The Financial Express


Of integrity and social harmony

Lankabangla and Fianancial Express Lankabangla and Fianancial Express
Of integrity and social harmony

Surveys conducted in the past two decades suggested that most entrepreneurs complained about malpractice, harassment and red-tapism in any kind of service delivery in the country. Corruption, as it does, increases not just the cost of doing business, but also the pains of civic life that often misses the very public attention.

Some people often support or even advocate bribery dubbing it 'speed money' for what they justify as expediting the process of service delivery.

That was not the spirit in Bangladesh's traditional culture in which 'honesty is a great quality' (Shototai mohot goon) - a bit different from the English adage 'honesty is the best policy'. Had we believed in and practised honesty in social life, there would not have been so many misdeeds in society like possessing illegal wealth as reflected in massive scams and siphoning off money abroad.

Our social leaders had once aspired to put norms and principles above legal provisions for punishments of corrupt elements so that the people in general are motivated not to lead dishonest life. That might have proved to be too 'ideal' to follow.

The social reality is: corruption has to be fought by laws, rules, regulations, institutions, culture and constant resistance. Honesty is no more a hobby of the naïve folks!

In the 'National Integrity Strategy of Bangladesh', the Anti-Corruption Commission has been described as the most important institution to fight corruption and establish fair play in society.

Now, do all of us know that the country has such an integrity strategy, formulated in 2012 with the vision for a 'Bangladesh free from corruption'? Maybe, we have  failed to understand its relevance or its framers no longer find it attractive to the current mood of the constituents.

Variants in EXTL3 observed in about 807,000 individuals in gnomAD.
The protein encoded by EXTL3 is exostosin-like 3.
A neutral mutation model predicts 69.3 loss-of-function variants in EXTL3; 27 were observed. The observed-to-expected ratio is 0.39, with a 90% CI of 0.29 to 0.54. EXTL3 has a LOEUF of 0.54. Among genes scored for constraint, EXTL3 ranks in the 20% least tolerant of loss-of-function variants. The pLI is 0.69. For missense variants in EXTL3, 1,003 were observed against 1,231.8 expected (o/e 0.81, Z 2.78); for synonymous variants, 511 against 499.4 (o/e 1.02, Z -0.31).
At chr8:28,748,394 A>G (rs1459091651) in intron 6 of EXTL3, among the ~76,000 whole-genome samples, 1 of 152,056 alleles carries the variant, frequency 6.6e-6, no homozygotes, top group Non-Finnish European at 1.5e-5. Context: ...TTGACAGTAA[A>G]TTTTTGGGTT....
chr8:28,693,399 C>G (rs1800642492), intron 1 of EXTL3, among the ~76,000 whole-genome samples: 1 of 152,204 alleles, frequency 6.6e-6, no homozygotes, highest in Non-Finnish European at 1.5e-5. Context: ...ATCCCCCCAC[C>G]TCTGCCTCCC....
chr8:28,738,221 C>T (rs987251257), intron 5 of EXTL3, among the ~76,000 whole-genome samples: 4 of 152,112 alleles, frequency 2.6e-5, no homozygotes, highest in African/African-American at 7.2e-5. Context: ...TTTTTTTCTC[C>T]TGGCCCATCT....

Since integrity is not a matter of seasonal conduct, people in society's driving seats may rather love to see the commoners forget the promises that have been enshrined in the strategy, officially.

The integrity strategy states among other things, "it is necessary to closely monitor the wealth statement by the public servants in order to make the public administration more transparent, accountable and corruption-free." This challenge, highlighted in the strategy, has also underlined the importance of addressing major public interest issues such as corruption in land ownership and enforcement of laws and food adulteration.

A key goal of it is to make the state functionaries accountable to the people and parliament.

Dwelling on the judiciary, the strategy has identified a few challenges such as disposal of cases within a reasonable timeframe, improving public perception about the justice delivery system and making accountability of the judges more visible.

It has set the goal of 'keeping the Election Commission as a constitutional body effective in properly holding free, neutral and credible elections'. Complaints about the recent elections only contrast the performance of the commission.

On the non-state actors, the strategy has emphasised higher practice of democracy within the political parties, bringing transparency in their fund management and shunning politics of conflict. Also acknowledging that journalists often face intimidation while on duty, the integrity strategy has stressed establishment of the media free from business and party interests.

The challenges that affect the private sector include loan default culture, advanced level of corporatisation, lack of consumer rights protection, and unfair business syndication.

National integrity should have been by this time a social movement for building a prosperous country with guarantee of fairness, justice and equal dignity of men and women. We haven't heard of any great noise of the issues of integrity, be it personal or social, in recent times.

Fellow feeling is believed to be the abode of human values, and the integrity strategy has stressed the need for promoting role models in society. Alas! The quarrelsome posts on the social media indicate how far we respect each other. Instead, the divisive views demonstrate the kind of world we are living in.

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